Recent damage surveys of soybean diseases did not associate extensive damage with root knot nematodes. However, in isolated regions of Indiana the situation might be different. Westphal and Egel observed root knot nematodes in a southern Indiana field. The field is in a cucurbit-field crops rotation and root knot nematode damage was detected on watermelon roots in 2002. In 2003, this field had the typical wavy appearance (Fig. 1) often seen with soil-borne problems. Nematode damaged plants are stunted and lack vigor compared to healthy plants. Above-ground symptoms can be confused with other soil-borne problems. Examination of the roots of symptomatic plants revealed several root knots. Roots of symptomless plants were devoid of nematode-induced galls, and had copious nodulation (Fig. 2). Nematode-induced galling can be distinguished from the beneficial Rhizobium nodules. Nodules, typically 1/8-1/4 of an inch in diameter, develop on the surface of the root. Root knot nematode galls are integrated into the root structure and can result in pronounced deformation. Soybean cyst nematodes were also present in this field. Thus plant damage was probably not solely associated with root knot nematodes, but the root knot nematode likely contributed to plant stress and damage.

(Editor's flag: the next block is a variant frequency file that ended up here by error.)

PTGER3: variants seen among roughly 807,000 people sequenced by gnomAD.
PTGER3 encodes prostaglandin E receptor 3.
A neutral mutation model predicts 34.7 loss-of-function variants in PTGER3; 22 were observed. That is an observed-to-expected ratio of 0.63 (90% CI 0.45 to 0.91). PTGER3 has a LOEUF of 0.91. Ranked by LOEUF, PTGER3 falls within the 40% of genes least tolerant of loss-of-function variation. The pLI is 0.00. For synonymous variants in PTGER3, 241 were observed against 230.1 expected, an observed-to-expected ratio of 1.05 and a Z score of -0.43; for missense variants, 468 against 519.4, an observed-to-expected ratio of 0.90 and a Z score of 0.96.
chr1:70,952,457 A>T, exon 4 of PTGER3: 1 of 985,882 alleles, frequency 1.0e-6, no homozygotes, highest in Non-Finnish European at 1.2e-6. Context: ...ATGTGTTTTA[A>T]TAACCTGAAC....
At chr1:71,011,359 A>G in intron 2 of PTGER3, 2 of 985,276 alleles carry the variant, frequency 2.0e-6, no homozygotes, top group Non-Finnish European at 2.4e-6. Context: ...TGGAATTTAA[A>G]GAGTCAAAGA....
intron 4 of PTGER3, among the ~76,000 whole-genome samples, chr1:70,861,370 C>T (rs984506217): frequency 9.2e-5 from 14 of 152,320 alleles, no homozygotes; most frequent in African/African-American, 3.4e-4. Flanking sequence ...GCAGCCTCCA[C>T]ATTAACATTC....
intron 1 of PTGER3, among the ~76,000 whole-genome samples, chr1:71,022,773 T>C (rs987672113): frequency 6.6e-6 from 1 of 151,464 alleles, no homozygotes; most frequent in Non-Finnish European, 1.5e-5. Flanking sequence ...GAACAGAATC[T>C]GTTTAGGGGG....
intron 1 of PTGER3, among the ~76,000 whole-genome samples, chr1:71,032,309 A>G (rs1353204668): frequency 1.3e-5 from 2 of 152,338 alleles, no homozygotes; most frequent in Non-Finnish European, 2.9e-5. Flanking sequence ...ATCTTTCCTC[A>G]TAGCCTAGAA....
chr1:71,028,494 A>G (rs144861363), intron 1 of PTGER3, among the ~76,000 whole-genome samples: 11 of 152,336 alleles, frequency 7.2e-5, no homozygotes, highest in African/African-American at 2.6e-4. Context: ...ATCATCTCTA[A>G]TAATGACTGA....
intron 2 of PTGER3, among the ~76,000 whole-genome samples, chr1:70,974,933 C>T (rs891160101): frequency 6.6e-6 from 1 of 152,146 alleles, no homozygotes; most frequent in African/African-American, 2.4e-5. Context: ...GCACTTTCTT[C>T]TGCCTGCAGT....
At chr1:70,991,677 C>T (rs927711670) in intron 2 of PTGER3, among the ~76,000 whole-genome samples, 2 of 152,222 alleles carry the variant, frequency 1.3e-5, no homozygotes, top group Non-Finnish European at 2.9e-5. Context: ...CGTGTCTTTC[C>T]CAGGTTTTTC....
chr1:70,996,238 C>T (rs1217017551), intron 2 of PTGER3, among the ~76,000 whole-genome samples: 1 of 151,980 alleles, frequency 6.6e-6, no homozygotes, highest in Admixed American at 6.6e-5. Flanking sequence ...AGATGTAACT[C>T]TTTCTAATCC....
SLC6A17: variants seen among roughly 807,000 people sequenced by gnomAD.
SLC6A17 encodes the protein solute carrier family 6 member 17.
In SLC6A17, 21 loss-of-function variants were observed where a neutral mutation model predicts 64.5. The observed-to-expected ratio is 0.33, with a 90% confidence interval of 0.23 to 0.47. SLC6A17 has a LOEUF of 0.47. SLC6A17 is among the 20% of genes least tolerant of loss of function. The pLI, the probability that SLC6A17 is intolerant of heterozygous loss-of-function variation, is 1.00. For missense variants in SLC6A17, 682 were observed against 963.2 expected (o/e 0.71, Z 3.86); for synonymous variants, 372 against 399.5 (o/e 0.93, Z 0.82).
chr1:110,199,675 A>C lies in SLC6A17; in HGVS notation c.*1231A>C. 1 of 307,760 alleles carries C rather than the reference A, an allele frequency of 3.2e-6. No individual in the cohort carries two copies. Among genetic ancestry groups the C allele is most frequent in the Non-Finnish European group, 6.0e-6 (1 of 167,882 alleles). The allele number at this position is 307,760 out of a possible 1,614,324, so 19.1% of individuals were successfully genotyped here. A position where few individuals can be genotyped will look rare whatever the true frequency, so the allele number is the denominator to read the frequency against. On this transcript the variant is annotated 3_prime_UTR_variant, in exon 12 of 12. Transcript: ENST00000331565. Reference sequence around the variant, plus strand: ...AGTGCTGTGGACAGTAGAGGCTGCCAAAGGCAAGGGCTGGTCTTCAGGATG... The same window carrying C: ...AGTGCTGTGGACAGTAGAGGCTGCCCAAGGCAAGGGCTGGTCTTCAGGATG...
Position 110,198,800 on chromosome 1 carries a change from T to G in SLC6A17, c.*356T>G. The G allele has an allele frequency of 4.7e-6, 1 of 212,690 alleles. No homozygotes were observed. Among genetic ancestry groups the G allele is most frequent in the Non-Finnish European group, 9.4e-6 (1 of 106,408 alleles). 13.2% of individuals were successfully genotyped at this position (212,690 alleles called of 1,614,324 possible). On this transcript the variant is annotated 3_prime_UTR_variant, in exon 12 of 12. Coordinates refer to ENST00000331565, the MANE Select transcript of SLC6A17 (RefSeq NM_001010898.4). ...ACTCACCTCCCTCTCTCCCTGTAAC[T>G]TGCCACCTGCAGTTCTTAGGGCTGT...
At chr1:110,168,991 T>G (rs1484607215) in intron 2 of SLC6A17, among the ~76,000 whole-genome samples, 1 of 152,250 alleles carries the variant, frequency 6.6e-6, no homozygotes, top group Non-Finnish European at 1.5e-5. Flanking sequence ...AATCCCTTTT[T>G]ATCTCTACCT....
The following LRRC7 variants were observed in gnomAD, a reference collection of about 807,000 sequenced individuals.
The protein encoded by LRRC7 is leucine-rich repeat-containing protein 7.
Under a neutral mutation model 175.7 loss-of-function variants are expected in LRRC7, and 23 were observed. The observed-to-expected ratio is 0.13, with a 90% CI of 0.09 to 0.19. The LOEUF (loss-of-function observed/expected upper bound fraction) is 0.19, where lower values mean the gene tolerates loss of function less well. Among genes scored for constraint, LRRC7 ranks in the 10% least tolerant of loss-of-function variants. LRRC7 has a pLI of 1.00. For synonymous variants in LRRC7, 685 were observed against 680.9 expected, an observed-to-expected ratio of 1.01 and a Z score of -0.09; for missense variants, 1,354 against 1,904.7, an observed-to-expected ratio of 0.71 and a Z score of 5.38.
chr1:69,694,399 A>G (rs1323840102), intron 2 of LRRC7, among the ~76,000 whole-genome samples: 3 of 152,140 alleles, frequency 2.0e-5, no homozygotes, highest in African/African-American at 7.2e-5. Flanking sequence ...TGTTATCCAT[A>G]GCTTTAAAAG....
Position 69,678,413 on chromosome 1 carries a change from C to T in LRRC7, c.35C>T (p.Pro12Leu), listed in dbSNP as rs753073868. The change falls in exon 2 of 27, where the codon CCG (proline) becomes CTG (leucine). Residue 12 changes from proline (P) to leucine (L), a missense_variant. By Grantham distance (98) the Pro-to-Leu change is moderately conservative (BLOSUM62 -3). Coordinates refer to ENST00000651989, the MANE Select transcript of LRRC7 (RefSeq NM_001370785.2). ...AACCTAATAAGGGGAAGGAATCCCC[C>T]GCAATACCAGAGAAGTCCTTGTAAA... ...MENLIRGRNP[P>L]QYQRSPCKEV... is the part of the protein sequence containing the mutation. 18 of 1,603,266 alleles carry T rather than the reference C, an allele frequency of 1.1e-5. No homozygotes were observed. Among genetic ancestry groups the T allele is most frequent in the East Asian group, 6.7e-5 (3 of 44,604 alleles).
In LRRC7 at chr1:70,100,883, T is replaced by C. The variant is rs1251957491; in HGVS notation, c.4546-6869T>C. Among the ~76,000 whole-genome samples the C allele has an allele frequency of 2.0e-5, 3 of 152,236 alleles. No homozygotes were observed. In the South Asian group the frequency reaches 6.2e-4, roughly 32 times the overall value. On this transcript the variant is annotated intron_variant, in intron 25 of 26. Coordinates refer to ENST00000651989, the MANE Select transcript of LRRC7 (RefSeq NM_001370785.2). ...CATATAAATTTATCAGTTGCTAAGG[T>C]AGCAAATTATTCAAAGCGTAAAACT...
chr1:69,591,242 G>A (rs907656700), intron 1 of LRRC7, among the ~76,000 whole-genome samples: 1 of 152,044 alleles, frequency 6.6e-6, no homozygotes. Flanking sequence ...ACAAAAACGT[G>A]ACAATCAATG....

Seed might also be saved from the previous season if it is high quality and not contaminated with seed borne diseases like smut. Seed should be professionally cleaned to remove light, shriveled, low quality kernels. A seed treatment can also be applied. Good quality seed should have at least 85 to 95% germination.
The seeding rate for soft red winter wheat should be adjusted for seed size. Seed size can vary from less than 12,000 seeds per pound to more than 16,000 seeds per pound. Accordingly seeding rates can also vary from as little as 90 lb./acre for very small seeded varieties to as much as 165 lb./acre for large seeded varieties (see table). Optimum plant population is around 1.3 to 1.5 million plants/acre. The higher rates should be used for late-planted wheat (i.e., more than 3 weeks after the Hessian fly free date).